The Massaaaahhhge

I love a massage.  I love everything about it.  The aroma of scented oils in the dimly lit massage room, the gentle new age-y music, the way the therapist speaks in hushed tones.  Even the padded face hole in the massage table pleases me.  If I could afford it, I’d have a regular spa appointment once a week.  Maybe more.


And it wouldn’t matter what other treatments the spa offered — defoliating scrubs, body wraps, facials — I’m interested only in massage.  Twice John has given me a spa day as a birthday gift, and both times I eschewed any treatment that didn’t involve being rubbed.

Although I did make a fairly critical mistake on my first visit.  I signed up for the warm mud massage — it had the word “massage” in it, after all — and while the initial hands-on portion was sublime, once the therapist smeared on the mud and left the room for a while, all I could think about was how much time was being wasted; time that could have otherwise been filled with a whole lot more rubbing and a whole lot less lying there sweating.

I do have one very strict rule when it comes to receiving a massage:  other than the intermittent whispered instruction to roll over or to ask if the amount of pressure she’s using is adequate, the therapist must remain mute.  I’m not patient with chitchat during massage time.  I don’t need to know where the therapist grew up or what her children are studying in school.  Likewise, I feel no desire to report my life story to her.  I’m on that table for one reason and one reason alone, and that’s all I want to think about.  Massage me.  From head to toe.

Oh hang on, I almost forgot.  There is indeed one massage spot I’d prefer the therapist skip over.  Two spots, actually:  my ears.  When she starts kneading my ears it makes me feel silly.  I have no qualms about other extremities — each toe and finger thanks the therapist for the individual attention — but when she grabs for an ear, all I can think about is…big floppy ears.  And I have small ears, strangely enough, the right one even freakishly tiny.  Still, when someone touches them during a massage it’s like I’m Minnie Mouse.  Or Dumbo.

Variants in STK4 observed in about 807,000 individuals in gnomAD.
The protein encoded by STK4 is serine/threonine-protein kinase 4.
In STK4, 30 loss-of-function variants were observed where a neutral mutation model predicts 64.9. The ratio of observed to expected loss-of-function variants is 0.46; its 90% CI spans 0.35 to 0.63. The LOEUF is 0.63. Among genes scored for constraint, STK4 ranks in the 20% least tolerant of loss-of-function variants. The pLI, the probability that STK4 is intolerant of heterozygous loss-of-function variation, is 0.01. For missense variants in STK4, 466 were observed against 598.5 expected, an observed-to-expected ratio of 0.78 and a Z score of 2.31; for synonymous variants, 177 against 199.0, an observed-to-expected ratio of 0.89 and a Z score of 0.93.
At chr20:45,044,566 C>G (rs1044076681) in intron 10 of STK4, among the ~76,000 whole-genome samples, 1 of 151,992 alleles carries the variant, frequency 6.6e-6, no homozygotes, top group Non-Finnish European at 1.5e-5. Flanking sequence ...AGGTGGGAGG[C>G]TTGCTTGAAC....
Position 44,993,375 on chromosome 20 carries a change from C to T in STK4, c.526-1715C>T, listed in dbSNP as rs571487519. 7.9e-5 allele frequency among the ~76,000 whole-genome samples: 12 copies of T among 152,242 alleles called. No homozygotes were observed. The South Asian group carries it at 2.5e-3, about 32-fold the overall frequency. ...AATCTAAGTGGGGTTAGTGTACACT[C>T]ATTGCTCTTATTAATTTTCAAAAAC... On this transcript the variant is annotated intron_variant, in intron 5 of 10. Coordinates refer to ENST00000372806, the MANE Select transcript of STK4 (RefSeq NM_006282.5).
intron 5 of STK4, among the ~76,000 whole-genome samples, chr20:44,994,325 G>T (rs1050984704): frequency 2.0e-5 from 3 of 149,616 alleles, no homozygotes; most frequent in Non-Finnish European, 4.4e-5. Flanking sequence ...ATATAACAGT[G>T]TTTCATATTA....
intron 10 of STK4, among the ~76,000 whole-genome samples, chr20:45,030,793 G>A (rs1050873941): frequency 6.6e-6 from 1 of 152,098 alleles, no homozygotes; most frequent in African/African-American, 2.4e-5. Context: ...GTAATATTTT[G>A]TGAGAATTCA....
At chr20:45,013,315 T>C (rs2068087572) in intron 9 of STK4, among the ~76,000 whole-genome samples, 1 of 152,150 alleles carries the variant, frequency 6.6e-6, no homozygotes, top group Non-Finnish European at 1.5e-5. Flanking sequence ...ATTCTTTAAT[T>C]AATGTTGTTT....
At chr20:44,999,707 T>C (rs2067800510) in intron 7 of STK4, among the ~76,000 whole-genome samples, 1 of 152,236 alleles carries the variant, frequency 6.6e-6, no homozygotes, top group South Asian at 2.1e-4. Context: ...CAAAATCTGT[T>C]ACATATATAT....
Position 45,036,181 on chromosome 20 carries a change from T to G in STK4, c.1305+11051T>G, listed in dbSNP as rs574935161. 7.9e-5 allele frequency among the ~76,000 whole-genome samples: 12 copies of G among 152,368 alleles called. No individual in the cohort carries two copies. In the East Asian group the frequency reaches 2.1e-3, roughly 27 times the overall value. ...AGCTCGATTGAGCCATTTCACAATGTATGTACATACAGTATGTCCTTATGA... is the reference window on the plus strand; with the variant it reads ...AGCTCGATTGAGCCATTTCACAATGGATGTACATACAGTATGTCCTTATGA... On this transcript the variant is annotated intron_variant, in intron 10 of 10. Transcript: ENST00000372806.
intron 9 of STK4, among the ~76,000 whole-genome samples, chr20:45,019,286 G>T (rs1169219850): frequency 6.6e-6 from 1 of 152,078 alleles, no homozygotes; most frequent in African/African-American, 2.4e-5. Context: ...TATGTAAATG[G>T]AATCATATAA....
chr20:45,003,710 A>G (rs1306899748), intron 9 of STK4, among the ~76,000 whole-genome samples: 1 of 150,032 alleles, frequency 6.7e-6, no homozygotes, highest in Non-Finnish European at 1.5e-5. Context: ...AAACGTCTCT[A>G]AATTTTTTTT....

No matter.  Putting up with over-handled ears in order to be massaged everywhere else is a sacrifice I’ll make without qualms.  So when a friend offered me one of her pre-paid massage appointments, I jumped at the chance.  She had to give up the appointment because of a spinal problem that will likely require surgery, and I did suffer a pang of guilt for accepting her gift under such a circumstance.  Yet the feeling only lasted a second or two.  In my world, you see, the prospect of a free massage trumps all else.  I’m not proud of it but hey, I can live with it.

Especially when someone’s rubbing me.


6 thoughts on “The Massaaaahhhge

  1. OM yes message is wonderful. Just found a gal that does 2 hours for $50 in your house. I haven’t tried her yet but thinking very serious about it. It has been in the 100’s the past 23 days…another reason you are grateful not living here anymore, right?

  2. The art of laying on of hands to smooth out the sores and twist the knots, I’ll take two please.

    Never had my ears done, interesting, must be the hearing aids that stop them.
    One time at Whole Foods I had 40 minutes of bliss, first the right arm, much stress and then the left. Finally the back and neck. As I pondered, just how this small woman was creating the huge amounts of pressure, she said “Hang on”, and I heard as sound of someone jumping down of the floor. Raising my head I said “What was that I asked?”.
    Her reply amazed me, “I have to walk up the wall just behind you to get enough pressure for your tight muscles.”
    “Thanks it was amazing”

  3. Oh yes, nothing better! At The Texas Healing Arts Institute a Thai massage is offered. The woman that does it studied in Thailand. It is unbelievable that such a tiny woman could push & pull with such strength! I feel 2 inches taller when I leave and knot free.

    • Isn’t that something, Cathy? If I’d allow myself, while they’re massaging me I’d think about how exhausted the therapists must be at the end of a work day. Instead, of course, I think only about my own personal bliss. But hey, that means they’re doing good work, right? And oh my, they do.

Leave a Reply

Fill in your details below or click an icon to log in: Logo

You are commenting using your account. Log Out / Change )

Twitter picture

You are commenting using your Twitter account. Log Out / Change )

Facebook photo

You are commenting using your Facebook account. Log Out / Change )

Google+ photo

You are commenting using your Google+ account. Log Out / Change )

Connecting to %s